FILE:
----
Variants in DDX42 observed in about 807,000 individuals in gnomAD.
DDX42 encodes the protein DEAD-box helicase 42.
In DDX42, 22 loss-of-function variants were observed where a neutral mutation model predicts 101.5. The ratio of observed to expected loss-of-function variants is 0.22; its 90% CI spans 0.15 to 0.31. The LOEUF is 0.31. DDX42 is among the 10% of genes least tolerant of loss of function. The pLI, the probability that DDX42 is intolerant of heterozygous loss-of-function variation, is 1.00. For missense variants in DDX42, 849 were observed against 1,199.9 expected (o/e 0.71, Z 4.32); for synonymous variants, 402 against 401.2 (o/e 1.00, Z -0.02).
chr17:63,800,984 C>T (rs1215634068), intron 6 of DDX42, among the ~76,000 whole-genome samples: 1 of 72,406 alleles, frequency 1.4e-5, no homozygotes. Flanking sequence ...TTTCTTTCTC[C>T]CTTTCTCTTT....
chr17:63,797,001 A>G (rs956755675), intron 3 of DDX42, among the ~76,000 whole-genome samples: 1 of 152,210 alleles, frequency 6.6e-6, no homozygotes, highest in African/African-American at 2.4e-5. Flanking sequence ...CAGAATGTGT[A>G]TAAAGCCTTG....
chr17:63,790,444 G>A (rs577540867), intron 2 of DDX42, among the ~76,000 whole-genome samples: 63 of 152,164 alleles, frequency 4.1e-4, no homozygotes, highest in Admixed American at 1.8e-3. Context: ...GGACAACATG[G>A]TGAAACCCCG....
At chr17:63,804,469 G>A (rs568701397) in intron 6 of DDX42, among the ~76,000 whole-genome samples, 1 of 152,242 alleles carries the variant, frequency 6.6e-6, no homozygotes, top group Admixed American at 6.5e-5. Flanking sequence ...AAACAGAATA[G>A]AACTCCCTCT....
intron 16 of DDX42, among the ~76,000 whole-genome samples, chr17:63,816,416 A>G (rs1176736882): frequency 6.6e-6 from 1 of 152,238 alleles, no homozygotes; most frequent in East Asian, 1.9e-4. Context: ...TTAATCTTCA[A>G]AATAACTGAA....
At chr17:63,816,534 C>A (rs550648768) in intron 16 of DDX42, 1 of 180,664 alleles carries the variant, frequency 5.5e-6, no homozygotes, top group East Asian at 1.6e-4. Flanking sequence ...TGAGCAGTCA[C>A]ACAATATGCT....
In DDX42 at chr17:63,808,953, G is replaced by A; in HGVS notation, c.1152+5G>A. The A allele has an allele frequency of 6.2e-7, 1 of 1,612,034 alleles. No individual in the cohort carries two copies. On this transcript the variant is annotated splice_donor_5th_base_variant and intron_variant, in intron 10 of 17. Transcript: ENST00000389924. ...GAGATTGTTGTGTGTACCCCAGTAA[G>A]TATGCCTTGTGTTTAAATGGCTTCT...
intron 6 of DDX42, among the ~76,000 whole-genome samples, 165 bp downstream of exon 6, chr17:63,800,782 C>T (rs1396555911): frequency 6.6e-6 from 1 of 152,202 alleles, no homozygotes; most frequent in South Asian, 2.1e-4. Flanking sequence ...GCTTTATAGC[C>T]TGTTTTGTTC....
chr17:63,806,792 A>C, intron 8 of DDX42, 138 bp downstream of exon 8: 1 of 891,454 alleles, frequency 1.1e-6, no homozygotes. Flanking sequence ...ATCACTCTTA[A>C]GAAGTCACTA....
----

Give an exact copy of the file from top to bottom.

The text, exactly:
Variants in DDX42 observed in about 807,000 individuals in gnomAD.
DDX42 encodes the protein DEAD-box helicase 42.
In DDX42, 22 loss-of-function variants were observed where a neutral mutation model predicts 101.5. The ratio of observed to expected loss-of-function variants is 0.22; its 90% CI spans 0.15 to 0.31. The LOEUF is 0.31. DDX42 is among the 10% of genes least tolerant of loss of function. The pLI, the probability that DDX42 is intolerant of heterozygous loss-of-function variation, is 1.00. For missense variants in DDX42, 849 were observed against 1,199.9 expected (o/e 0.71, Z 4.32); for synonymous variants, 402 against 401.2 (o/e 1.00, Z -0.02).
chr17:63,800,984 C>T (rs1215634068), intron 6 of DDX42, among the ~76,000 whole-genome samples: 1 of 72,406 alleles, frequency 1.4e-5, no homozygotes. Flanking sequence ...TTTCTTTCTC[C>T]CTTTCTCTTT....
chr17:63,797,001 A>G (rs956755675), intron 3 of DDX42, among the ~76,000 whole-genome samples: 1 of 152,210 alleles, frequency 6.6e-6, no homozygotes, highest in African/African-American at 2.4e-5. Flanking sequence ...CAGAATGTGT[A>G]TAAAGCCTTG....
chr17:63,790,444 G>A (rs577540867), intron 2 of DDX42, among the ~76,000 whole-genome samples: 63 of 152,164 alleles, frequency 4.1e-4, no homozygotes, highest in Admixed American at 1.8e-3. Context: ...GGACAACATG[G>A]TGAAACCCCG....
At chr17:63,804,469 G>A (rs568701397) in intron 6 of DDX42, among the ~76,000 whole-genome samples, 1 of 152,242 alleles carries the variant, frequency 6.6e-6, no homozygotes, top group Admixed American at 6.5e-5. Flanking sequence ...AAACAGAATA[G>A]AACTCCCTCT....
intron 16 of DDX42, among the ~76,000 whole-genome samples, chr17:63,816,416 A>G (rs1176736882): frequency 6.6e-6 from 1 of 152,238 alleles, no homozygotes; most frequent in East Asian, 1.9e-4. Context: ...TTAATCTTCA[A>G]AATAACTGAA....
At chr17:63,816,534 C>A (rs550648768) in intron 16 of DDX42, 1 of 180,664 alleles carries the variant, frequency 5.5e-6, no homozygotes, top group East Asian at 1.6e-4. Flanking sequence ...TGAGCAGTCA[C>A]ACAATATGCT....
In DDX42 at chr17:63,808,953, G is replaced by A; in HGVS notation, c.1152+5G>A. The A allele has an allele frequency of 6.2e-7, 1 of 1,612,034 alleles. No individual in the cohort carries two copies. On this transcript the variant is annotated splice_donor_5th_base_variant and intron_variant, in intron 10 of 17. Transcript: ENST00000389924. ...GAGATTGTTGTGTGTACCCCAGTAA[G>A]TATGCCTTGTGTTTAAATGGCTTCT...
intron 6 of DDX42, among the ~76,000 whole-genome samples, 165 bp downstream of exon 6, chr17:63,800,782 C>T (rs1396555911): frequency 6.6e-6 from 1 of 152,202 alleles, no homozygotes; most frequent in South Asian, 2.1e-4. Flanking sequence ...GCTTTATAGC[C>T]TGTTTTGTTC....
chr17:63,806,792 A>C, intron 8 of DDX42, 138 bp downstream of exon 8: 1 of 891,454 alleles, frequency 1.1e-6, no homozygotes. Flanking sequence ...ATCACTCTTA[A>C]GAAGTCACTA....